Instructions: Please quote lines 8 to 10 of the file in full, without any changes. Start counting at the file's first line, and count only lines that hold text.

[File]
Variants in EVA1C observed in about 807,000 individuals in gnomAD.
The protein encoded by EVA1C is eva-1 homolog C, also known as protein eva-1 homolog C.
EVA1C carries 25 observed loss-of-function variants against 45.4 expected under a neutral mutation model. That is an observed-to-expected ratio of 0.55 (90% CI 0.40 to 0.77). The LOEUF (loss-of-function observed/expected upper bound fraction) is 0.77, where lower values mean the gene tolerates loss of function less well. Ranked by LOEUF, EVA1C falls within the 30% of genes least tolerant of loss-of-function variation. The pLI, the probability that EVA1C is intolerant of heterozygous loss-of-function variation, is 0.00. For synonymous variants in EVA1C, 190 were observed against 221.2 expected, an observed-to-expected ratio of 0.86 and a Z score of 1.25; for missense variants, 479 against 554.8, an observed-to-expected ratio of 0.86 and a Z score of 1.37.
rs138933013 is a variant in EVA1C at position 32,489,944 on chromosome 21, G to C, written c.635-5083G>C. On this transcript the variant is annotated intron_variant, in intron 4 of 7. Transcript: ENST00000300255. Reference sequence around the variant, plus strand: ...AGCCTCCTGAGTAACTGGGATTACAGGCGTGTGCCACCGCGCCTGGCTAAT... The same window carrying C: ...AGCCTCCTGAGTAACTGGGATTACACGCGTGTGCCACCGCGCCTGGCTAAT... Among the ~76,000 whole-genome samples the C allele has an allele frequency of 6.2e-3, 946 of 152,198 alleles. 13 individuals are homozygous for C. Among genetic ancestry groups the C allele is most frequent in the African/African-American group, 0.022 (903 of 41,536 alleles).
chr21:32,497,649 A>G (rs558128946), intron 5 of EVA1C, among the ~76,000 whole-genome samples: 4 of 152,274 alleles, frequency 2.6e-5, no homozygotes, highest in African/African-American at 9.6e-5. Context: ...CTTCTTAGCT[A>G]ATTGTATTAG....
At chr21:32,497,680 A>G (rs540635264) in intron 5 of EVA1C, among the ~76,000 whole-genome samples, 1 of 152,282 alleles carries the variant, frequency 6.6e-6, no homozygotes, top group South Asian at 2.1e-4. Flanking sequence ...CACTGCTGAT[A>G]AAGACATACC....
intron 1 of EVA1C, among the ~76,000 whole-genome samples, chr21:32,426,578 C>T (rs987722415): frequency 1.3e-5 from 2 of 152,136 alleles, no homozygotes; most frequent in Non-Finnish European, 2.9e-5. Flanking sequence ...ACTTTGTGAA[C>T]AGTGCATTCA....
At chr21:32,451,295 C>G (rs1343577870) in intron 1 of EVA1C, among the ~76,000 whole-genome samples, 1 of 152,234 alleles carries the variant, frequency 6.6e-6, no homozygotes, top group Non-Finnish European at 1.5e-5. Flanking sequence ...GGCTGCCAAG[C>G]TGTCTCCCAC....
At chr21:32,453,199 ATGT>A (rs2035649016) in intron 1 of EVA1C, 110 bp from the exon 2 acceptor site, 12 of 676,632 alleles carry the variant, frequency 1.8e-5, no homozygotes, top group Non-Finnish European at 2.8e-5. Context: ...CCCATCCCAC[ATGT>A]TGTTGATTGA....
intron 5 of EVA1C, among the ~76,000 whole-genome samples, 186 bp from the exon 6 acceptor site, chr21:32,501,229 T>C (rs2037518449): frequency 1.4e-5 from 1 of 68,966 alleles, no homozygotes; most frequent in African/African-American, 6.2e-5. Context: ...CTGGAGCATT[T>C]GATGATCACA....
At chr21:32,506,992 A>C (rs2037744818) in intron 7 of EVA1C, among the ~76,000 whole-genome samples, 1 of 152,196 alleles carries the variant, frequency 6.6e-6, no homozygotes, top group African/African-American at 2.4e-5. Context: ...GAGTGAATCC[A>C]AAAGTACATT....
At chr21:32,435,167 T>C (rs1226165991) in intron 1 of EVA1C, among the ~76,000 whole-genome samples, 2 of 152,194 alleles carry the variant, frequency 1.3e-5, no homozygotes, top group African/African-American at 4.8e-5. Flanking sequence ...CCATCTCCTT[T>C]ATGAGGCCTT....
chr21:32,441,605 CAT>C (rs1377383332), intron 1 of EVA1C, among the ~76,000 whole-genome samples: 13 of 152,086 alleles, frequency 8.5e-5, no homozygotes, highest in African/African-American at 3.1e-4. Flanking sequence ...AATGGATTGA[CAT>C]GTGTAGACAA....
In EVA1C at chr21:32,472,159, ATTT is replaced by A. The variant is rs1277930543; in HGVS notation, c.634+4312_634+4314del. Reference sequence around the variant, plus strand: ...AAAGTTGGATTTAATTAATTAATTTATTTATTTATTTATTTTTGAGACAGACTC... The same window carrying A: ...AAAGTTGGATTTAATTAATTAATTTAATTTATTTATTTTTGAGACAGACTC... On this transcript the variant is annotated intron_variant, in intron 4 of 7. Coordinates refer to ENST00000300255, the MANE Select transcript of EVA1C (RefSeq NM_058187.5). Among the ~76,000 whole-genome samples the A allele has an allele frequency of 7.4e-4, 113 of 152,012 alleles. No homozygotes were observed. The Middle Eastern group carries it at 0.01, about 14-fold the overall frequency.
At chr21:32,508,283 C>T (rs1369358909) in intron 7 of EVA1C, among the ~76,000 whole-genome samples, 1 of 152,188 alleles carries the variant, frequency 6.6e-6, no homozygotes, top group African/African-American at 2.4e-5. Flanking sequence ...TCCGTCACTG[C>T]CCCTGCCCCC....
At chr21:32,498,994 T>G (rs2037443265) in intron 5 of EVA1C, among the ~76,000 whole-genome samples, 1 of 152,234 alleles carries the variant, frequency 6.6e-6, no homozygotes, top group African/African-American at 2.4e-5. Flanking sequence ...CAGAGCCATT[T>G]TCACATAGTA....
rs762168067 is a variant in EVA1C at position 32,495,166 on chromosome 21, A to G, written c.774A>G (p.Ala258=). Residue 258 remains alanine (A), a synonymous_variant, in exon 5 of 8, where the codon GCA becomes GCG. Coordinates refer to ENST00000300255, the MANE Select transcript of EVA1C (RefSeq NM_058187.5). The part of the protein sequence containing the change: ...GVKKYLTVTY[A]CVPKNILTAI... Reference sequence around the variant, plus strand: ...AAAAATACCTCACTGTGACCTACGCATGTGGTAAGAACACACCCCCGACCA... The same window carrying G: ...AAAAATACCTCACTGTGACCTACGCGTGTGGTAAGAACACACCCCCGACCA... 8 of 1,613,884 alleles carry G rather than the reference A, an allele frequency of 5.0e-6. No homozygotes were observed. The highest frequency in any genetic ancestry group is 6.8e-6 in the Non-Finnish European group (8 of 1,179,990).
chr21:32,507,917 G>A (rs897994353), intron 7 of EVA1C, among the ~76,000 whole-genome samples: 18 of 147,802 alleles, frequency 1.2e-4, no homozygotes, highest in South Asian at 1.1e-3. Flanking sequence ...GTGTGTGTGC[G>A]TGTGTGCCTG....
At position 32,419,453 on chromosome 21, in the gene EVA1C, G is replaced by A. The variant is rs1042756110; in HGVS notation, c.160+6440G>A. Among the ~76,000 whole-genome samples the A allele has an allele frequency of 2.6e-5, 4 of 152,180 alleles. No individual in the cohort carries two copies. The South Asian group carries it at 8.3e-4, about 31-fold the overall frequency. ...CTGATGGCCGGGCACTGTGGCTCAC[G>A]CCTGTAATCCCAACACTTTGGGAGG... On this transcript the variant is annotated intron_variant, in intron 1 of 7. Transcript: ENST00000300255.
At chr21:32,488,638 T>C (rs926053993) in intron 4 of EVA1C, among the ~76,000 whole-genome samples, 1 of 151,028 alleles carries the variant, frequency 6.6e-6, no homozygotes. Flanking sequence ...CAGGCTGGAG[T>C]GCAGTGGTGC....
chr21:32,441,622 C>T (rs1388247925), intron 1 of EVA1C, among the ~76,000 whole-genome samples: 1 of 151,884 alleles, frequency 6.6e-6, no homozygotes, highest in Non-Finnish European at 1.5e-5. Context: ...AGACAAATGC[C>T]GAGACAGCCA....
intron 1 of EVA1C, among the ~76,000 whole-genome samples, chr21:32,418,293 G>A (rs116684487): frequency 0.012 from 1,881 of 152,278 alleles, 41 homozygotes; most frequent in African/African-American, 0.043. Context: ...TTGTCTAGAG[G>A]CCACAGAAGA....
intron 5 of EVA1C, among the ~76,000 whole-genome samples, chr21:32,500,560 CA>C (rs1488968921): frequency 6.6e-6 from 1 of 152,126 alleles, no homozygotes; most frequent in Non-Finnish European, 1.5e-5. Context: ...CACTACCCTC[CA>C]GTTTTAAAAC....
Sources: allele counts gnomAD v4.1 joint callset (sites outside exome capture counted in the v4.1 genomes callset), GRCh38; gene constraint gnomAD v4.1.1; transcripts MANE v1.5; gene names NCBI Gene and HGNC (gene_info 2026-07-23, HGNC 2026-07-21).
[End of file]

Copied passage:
At chr21:32,451,295 C>G (rs1343577870) in intron 1 of EVA1C, among the ~76,000 whole-genome samples, 1 of 152,234 alleles carries the variant, frequency 6.6e-6, no homozygotes, top group Non-Finnish European at 1.5e-5. Flanking sequence ...GGCTGCCAAG[C>G]TGTCTCCCAC....
At chr21:32,453,199 ATGT>A (rs2035649016) in intron 1 of EVA1C, 110 bp from the exon 2 acceptor site, 12 of 676,632 alleles carry the variant, frequency 1.8e-5, no homozygotes, top group Non-Finnish European at 2.8e-5. Context: ...CCCATCCCAC[ATGT>A]TGTTGATTGA....
intron 5 of EVA1C, among the ~76,000 whole-genome samples, 186 bp from the exon 6 acceptor site, chr21:32,501,229 T>C (rs2037518449): frequency 1.4e-5 from 1 of 68,966 alleles, no homozygotes; most frequent in African/African-American, 6.2e-5. Context: ...CTGGAGCATT[T>C]GATGATCACA....